WO2008066415A1 (en) * 2006-11-27 2008-06-05 Volvo Lastvagnar Ab Gasket ring
US20100171274A1 (en) * 2006-11-27 2010-07-08 Volvo Lastvagnar Ab Gasket ring
US20090073643A1 (en) * 2007-09-07 2009-03-19 Asustek Computer Inc. Display device and rotatable stand thereof
US7889486B2 (en) 2007-09-07 2011-02-15 Asustek Computer Inc. Display device and rotatable stand thereof
US20100037856A1 (en) * 2008-08-13 2010-02-18 International Engine Intellectual Property Company Llc Exhaust system for engine braking
US8448626B2 (en) 2008-08-13 2013-05-28 International Engine Intellectual Property Company, Llc Exhaust system for engine braking
US20100175668A1 (en) * 2009-01-14 2010-07-15 Ford Global Technologies, Llc Fuel injection system for internal combustion engine with injector isolator
US7827964B2 (en) * 2009-01-14 2010-11-09 Ford Global Technologies Fuel injection system for internal combustion engine with injector isolator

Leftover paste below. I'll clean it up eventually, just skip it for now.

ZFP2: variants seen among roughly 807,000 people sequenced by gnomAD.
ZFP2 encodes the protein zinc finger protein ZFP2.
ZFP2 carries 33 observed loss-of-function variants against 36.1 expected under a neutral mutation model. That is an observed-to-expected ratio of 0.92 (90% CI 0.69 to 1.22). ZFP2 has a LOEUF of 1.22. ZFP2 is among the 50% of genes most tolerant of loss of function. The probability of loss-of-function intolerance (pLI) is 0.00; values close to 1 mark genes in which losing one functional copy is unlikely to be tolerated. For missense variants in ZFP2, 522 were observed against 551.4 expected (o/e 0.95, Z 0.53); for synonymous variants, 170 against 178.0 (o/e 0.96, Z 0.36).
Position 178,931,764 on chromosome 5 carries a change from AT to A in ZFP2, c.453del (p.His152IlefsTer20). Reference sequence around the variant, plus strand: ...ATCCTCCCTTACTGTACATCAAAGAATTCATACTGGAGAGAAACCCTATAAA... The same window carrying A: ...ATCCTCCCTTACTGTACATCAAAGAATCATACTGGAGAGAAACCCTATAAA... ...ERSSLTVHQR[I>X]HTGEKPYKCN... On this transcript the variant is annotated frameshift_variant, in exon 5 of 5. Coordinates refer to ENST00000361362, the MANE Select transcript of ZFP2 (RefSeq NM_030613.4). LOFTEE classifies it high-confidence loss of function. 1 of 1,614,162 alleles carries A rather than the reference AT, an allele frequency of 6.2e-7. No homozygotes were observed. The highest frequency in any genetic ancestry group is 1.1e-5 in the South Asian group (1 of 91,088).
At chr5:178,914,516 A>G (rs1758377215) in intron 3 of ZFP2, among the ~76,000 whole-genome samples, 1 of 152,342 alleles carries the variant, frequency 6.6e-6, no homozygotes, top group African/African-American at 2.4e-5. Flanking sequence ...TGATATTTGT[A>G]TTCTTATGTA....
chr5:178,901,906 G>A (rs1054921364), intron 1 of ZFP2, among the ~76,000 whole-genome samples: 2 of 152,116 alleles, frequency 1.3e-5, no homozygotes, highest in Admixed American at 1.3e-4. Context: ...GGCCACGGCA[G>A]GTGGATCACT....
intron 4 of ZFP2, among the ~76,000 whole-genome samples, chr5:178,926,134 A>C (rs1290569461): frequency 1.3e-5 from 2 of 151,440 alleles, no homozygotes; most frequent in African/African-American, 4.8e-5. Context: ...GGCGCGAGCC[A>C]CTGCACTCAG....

US8714139B2 (en) 2009-01-16 2014-05-06 Illinois Tool Works Inc. Dual-phase spring assembly for use with fuel injector system
KR101637394B1 (en) 2009-01-16 2016-07-07 일리노이즈 툴 워크스 인코포레이티드 Dual-phase spring assembly for use with fuel injector system
KR20110108353A (en) * 2009-01-16 2011-10-05 일리노이즈 툴 워크스 인코포레이티드 Dual-phase spring assembly for use with fuel injector system
EP2379872A1 (en) * 2009-01-16 2011-10-26 Illinois Tool Works Inc. Dual-phase spring assembly for use with fuel injector system
EP2379872A4 (en) * 2009-01-16 2013-03-20 Illinois Tool Works Dual-phase spring assembly for use with fuel injector system
WO2010081575A3 (en) * 2009-01-19 2010-11-25 Robert Bosch Gmbh Fuel injector and internal combustion engine having a fuel injector